Title:  Kinetics of multi-step reactions: insights into the mechanisms of P450 enzymes

Speaker:  Prof F. Peter Guengerich, Vanderbilt University, School of Medicine, Nashville, Tennessee, U.S.A


Abstract:  Cytochrome P450 (P450, CYP) enzymes are the major catalysts involved in drug metabolism, as well as many oxidations of vitamins, steroids, natural products, and industrial chemicals. A number of P450s catalyze muti-step oxidation reactions, and one issue has been the degree to which these are processive or distributive processes, i.e. whether or not the intermediate products dissociate from the enzyme before subsequent steps occur. This question has been addressed with several of the human P450s that oxidize steroids. P450 19A1 is the steroid aromatase that forms estrogens, and it was shown to be a distributive enzyme. P450 17A1 catalyzes the 17a-hydroylation of progesterone and pregnenolone, followed by a “lyase” reaction to form androgens. This processive was shown to involve a partially processive pathway, where a fraction of the 17a-hydroxy steroid product dissociates from the enzyme. P450 Family 51 enzymes catalyze the 14a-demethylation of sterols, leading to critical products used for membranes and the production of steroids, as well as signaling molecules. In mammals, P450 51A1 catalyzes the 3-step, 6-electron oxidation of lanosterol or 24,25-dihydrolanosterol to form (4b,5a)-4,4-dimethyl-cholestra-8,14,24-trien-3-ol (follicular fluid meiosis-activating sterol, FF-MAS) via 14a-alcohol and 14a-aldehyde intermediates. A combination of steady-state kinetic parameters, steady-state binding constants, dissociation rates of P450-sterol complexes, and kinetic modeling of the time course of oxidation of a P450-dihydrolanosterol complex showed that the overall reaction is highly processive, with koff rates of P450 51A1-dihydrolanosterol and the 14a-alcohol and 14a-aldehyde complexes being 1-2 orders of magnitude less than the forward rates of competing oxidations. The high processivity of this reaction generates higher efficiency and also renders the reaction less sensitive to inhibitors.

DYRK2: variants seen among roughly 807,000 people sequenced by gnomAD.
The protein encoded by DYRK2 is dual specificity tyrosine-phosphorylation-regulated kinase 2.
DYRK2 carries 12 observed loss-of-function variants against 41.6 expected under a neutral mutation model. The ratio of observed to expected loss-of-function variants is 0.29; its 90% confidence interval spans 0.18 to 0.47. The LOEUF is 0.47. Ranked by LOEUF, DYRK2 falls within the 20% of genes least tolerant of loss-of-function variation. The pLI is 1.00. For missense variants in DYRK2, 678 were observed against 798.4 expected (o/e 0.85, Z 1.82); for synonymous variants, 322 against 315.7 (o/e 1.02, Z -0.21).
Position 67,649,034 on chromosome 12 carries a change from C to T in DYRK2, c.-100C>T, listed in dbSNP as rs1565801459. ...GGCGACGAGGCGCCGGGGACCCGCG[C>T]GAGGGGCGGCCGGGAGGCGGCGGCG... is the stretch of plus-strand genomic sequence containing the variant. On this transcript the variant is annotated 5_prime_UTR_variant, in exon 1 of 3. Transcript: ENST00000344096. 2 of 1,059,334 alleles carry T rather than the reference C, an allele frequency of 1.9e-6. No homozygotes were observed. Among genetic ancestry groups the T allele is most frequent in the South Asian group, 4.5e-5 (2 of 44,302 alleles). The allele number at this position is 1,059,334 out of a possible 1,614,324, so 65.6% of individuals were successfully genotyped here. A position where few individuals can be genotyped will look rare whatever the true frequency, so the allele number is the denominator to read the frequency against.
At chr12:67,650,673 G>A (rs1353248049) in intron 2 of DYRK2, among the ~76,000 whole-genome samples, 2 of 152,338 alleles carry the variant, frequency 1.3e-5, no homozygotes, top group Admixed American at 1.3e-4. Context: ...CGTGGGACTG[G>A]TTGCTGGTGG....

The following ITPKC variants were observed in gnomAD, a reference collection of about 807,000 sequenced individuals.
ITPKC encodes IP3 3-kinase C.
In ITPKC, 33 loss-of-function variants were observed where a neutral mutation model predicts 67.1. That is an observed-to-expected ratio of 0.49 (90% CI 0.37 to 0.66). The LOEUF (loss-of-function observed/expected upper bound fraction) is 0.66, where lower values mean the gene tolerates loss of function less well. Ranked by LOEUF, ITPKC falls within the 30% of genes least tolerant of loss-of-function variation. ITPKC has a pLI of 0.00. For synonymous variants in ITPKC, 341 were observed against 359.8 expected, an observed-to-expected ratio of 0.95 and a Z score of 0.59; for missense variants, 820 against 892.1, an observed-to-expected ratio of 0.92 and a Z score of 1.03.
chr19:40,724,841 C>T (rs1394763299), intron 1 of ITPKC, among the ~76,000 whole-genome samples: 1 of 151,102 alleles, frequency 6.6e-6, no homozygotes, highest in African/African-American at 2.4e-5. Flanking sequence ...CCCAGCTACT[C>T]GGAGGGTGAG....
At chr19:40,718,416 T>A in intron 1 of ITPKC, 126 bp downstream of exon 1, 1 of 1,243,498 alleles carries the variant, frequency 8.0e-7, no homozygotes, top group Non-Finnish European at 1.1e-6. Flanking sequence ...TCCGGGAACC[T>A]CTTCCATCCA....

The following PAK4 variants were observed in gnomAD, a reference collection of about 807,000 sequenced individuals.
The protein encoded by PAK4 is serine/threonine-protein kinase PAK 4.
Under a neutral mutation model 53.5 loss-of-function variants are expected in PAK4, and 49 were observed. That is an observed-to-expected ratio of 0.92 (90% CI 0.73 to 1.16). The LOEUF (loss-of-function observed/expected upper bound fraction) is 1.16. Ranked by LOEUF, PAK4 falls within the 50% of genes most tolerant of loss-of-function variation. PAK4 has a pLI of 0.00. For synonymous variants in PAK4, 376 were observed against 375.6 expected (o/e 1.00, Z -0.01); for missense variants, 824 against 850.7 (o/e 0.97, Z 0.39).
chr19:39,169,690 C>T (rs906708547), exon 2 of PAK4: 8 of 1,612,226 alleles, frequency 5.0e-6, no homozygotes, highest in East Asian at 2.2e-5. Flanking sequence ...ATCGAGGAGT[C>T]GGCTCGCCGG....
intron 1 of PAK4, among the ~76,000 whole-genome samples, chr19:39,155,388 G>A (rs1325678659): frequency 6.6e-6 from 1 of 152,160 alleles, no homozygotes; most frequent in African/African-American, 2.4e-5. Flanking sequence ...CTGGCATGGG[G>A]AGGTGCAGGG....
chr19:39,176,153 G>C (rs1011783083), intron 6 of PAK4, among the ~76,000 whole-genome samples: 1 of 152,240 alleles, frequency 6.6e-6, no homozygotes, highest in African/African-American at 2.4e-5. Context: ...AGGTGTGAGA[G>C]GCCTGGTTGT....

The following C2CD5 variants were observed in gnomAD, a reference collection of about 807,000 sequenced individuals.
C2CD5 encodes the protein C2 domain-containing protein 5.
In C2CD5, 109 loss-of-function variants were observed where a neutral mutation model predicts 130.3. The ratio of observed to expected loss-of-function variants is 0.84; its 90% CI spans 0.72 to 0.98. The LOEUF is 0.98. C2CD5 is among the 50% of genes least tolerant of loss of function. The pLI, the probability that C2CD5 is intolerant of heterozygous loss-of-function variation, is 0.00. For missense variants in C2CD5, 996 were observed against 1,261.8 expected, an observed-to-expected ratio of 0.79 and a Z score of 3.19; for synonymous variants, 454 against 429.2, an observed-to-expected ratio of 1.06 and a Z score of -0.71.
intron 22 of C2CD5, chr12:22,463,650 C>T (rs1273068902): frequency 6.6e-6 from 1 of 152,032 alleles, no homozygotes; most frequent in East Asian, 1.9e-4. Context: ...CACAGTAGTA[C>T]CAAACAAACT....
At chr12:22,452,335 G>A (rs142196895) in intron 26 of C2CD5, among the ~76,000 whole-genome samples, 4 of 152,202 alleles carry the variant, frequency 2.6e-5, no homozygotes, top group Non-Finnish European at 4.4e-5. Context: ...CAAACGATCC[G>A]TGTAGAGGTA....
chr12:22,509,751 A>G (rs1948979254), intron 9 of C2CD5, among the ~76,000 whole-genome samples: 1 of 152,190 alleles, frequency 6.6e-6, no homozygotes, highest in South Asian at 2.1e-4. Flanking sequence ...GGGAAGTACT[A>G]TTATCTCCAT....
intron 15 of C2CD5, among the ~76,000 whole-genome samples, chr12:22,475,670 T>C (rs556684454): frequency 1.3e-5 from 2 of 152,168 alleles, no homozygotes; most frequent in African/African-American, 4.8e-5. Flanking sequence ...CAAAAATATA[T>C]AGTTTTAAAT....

Bio: Prof F. Peter Guengerich received his B.S. from the University of Illinois in 1970 and a Ph.D. (Biochemistry) from Vanderbilt University in 1993 (with Prof. H. P. Broquist).  Following two years of postdoctoral training at the University of Michigan (with Prof. M. J. Coon), he joined the faculty at Vanderbilt as Assistant Professor of Biochemistry.  He became (full) Professor in 1983 and was Director of the Vanderbilt Center in Molecular Toxicology from 1980-2011.  Prof. Guengerich is an enzymologist and his interests have been in the characterization of cytochrome P450 enzymes and the metabolism and bioactivation of drugs and toxic chemicals.  He has published 759 refereed papers, 317 invited reviews, and 138 published proceedings and was the 46th most highly cited biomedical scientist for articles published in the 1990s.  He is one of the most highly cited authors in the fields of biochemistry (and toxicology) today. Prof. Guengerich is a Fellow of the American Chemical Society, the American Society for Biochemistry and Molecular Biology, and the American Society for Pharmacology and Experimental Therapeutics and has received major awards from these and other scientific societies. He has directed the training of 22 graduate students and 141 postdoctoral fellows. In 2000 he received the first Vanderbilt School of Medicine Medal given for Mentoring Postdoctoral Fellows or Residents in the Research Setting, and subsequently this biennnial award was named for him. Prof. Guengerich served as an Associate Editor, Deputy Editor, and Interim Editor-in-Chief of The Journal of Biological Chemistry from 2006-2022.

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